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Customizing character set conversions with an error handler

P: n/a
When converting Unicode strings to legacy character encodings, it is
possible to register a custom error handler that will catch and process
all code points that do not have a direct equivalent in the target
encoding (as described in PEP 293).

The thing to note here is that the error handler itself is required to
return the substitutions as Unicode strings - not as the target encoding
bytestrings. Some lower-level gadgetry will silently convert these
strings to the target encoding.

That is, if the substitution _itself_ doesn't contain illegal code
points for the target encoding.

Which brings us to the point: if my error handler for some reason
returns illegal substitutions (from the viewpoint of the target
encoding), how can I catch _these_ errors and make things good again?

I thought it would work automatically, by calling the error handler as
many times as necessary, and letting it work out the situation, but it
apparently doesn't. Sample code follows:

--- 8< ---

#!/usr/bin/python

import codecs

# ================================================== ================
# Here's our error handler
# ================================================== ================

def charset_conversion(error):

# error.object = The original unicode string we're trying to
# process and which has characters for which
# there is no mapping in the built-in tables.
#
# error.start = The index position in which the error
# occurred in the string
#
# (See PEP 293 for more information)

# Here's our simple conversion table:

table = {
u"\u2022": u"\u00b7", # "BULLET" to "MIDDLE DOT"
u"\u00b7": u"*" # "MIDDLE DOT" to "ASTERISK"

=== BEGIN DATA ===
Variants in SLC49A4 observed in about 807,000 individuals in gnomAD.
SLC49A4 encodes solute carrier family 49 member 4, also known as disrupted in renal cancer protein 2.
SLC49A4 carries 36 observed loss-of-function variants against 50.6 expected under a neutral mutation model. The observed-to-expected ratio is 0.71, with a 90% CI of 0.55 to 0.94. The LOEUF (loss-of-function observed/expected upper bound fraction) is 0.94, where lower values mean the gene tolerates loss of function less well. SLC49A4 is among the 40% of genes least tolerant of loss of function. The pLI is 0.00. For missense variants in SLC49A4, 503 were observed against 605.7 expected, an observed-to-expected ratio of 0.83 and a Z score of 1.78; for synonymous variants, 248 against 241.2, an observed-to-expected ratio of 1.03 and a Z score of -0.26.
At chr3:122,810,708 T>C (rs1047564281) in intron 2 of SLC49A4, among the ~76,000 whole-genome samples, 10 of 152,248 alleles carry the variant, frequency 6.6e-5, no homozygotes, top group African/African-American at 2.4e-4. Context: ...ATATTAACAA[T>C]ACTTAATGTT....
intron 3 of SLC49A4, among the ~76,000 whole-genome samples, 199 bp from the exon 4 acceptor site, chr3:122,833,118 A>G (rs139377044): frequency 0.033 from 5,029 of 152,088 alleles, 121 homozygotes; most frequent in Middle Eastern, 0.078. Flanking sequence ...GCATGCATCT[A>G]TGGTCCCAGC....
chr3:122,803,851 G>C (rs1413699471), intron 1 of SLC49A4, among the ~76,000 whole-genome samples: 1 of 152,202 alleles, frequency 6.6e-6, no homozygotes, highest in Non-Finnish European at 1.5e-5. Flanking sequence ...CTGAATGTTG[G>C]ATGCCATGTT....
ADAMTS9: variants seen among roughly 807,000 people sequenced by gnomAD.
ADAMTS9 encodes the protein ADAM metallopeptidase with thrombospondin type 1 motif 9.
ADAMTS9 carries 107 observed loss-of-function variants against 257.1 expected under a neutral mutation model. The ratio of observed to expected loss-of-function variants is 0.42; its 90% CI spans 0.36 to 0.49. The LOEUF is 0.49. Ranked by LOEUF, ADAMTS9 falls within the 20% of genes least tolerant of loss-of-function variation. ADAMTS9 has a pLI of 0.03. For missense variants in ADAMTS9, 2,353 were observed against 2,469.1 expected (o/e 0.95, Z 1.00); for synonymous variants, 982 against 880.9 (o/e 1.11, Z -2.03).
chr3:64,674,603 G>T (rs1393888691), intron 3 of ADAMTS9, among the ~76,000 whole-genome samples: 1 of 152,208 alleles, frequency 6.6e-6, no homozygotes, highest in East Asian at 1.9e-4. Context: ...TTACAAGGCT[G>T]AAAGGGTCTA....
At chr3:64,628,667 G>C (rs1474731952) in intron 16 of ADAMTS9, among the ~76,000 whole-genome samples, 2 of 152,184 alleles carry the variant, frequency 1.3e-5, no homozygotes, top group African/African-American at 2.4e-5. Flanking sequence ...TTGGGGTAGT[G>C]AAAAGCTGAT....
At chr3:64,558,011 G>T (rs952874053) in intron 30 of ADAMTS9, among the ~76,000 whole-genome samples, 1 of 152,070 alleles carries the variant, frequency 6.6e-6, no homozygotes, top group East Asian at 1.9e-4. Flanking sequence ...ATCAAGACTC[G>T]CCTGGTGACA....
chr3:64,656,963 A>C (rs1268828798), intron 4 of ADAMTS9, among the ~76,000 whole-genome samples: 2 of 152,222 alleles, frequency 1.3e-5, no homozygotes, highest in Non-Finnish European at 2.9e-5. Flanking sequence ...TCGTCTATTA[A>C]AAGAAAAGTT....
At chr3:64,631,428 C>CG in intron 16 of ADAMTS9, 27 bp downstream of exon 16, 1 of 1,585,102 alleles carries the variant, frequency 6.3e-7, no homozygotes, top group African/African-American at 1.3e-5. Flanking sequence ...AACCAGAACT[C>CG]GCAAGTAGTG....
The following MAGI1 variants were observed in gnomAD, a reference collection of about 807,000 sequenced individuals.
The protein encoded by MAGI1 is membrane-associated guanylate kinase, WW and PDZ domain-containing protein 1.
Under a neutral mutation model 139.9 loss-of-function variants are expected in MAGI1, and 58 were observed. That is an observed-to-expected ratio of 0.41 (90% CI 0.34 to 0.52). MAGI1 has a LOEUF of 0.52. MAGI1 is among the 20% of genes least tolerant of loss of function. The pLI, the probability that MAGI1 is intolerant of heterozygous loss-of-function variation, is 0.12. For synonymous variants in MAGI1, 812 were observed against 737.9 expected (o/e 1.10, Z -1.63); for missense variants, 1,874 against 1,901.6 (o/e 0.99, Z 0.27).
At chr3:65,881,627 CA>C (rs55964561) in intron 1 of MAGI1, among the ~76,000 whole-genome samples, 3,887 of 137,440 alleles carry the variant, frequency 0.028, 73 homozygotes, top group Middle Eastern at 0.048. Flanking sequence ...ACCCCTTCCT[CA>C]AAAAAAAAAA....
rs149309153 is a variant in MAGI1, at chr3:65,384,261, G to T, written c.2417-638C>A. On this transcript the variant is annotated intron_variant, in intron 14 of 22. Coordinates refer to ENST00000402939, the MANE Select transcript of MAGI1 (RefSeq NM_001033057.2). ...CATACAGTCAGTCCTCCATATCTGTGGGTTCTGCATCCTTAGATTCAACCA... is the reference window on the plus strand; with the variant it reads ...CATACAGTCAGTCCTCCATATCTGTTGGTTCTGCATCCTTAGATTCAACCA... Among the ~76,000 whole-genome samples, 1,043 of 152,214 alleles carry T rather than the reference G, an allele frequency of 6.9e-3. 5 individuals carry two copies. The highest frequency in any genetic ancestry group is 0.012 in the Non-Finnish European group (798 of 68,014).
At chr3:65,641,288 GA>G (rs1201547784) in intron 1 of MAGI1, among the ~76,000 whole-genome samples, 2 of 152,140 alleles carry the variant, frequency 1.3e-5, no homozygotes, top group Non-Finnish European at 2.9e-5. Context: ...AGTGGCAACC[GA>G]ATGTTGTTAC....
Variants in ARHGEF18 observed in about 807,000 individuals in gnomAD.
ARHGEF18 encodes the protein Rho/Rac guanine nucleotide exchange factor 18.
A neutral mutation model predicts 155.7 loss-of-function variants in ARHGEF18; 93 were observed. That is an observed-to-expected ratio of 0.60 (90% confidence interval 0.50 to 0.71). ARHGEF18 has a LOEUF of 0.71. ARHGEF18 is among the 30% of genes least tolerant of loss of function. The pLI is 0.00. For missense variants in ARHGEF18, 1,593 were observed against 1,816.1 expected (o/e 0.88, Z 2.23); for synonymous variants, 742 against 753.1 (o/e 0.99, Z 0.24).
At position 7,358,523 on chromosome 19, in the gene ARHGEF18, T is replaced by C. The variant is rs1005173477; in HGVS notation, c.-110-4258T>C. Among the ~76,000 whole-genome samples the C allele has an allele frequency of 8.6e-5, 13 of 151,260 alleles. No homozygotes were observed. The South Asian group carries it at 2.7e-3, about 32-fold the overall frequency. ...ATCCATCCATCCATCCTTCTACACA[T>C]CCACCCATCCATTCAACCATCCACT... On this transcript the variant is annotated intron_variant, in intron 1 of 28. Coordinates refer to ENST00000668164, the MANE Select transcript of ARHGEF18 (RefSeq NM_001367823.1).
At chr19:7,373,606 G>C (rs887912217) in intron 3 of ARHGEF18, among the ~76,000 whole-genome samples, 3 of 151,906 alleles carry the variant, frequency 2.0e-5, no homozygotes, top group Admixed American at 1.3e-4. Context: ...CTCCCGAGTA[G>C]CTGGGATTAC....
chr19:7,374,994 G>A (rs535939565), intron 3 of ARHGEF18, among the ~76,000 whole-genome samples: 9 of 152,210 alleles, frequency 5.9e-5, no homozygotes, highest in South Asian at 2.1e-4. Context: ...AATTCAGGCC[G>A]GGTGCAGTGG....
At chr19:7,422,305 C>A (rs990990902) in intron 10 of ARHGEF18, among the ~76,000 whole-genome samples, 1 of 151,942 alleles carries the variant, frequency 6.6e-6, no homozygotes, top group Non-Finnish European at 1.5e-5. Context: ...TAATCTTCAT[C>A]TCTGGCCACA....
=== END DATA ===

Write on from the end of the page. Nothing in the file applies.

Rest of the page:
}

try:

# If we can find the character in our conversion table,
# let's make a substitution

substitution = table[error.object[error.start]]

except KeyError:

# Okay, the character wasn't in our substitution table.
# There's nothing we can do. Better print out its
# unicode codepoint as a hex string instead:

substitution = u"[U+%04x]" % ord(error.object[error.start])

# Return the substituted string and let the built-in codec
# continue from the next position:

return (substitution,error.start+1)

# ================================================== ================
# Register the above-defined error handler with the name 'practical'
# ================================================== ================

codecs.register_error('practical',charset_conversi on)

# ================================================== ================
# TEST
# ================================================== ================

if __name__ == "__main__":

print

# Here's our test string: Three BULLET symbols, a space,
# the word "TEST", a space again, and three BULLET symbols
# again.

test = u"\u2022\u2022\u2022 TEST \u2022\u2022\u2022"

# Let's see how we can print out it with our new error
# handler - in various encodings.

# The following works - it just converts the internal
# Unicode representation of the above-defined string
# to UTF-8 without ever hitting the custom error handler:

print " UTF-8: "+test.encode('utf-8','practical')

# The next one works, too - it converts the Unicode
# "BULLET" symbols to Latin 1 "MIDDLE DOTs":

print "Latin 1: "+test.encode('iso-8859-1','practical')

# This works as well - it converts the Unicode "BULLET"
# symbols to IBM Codepage 437 "MIDDLE DOTs":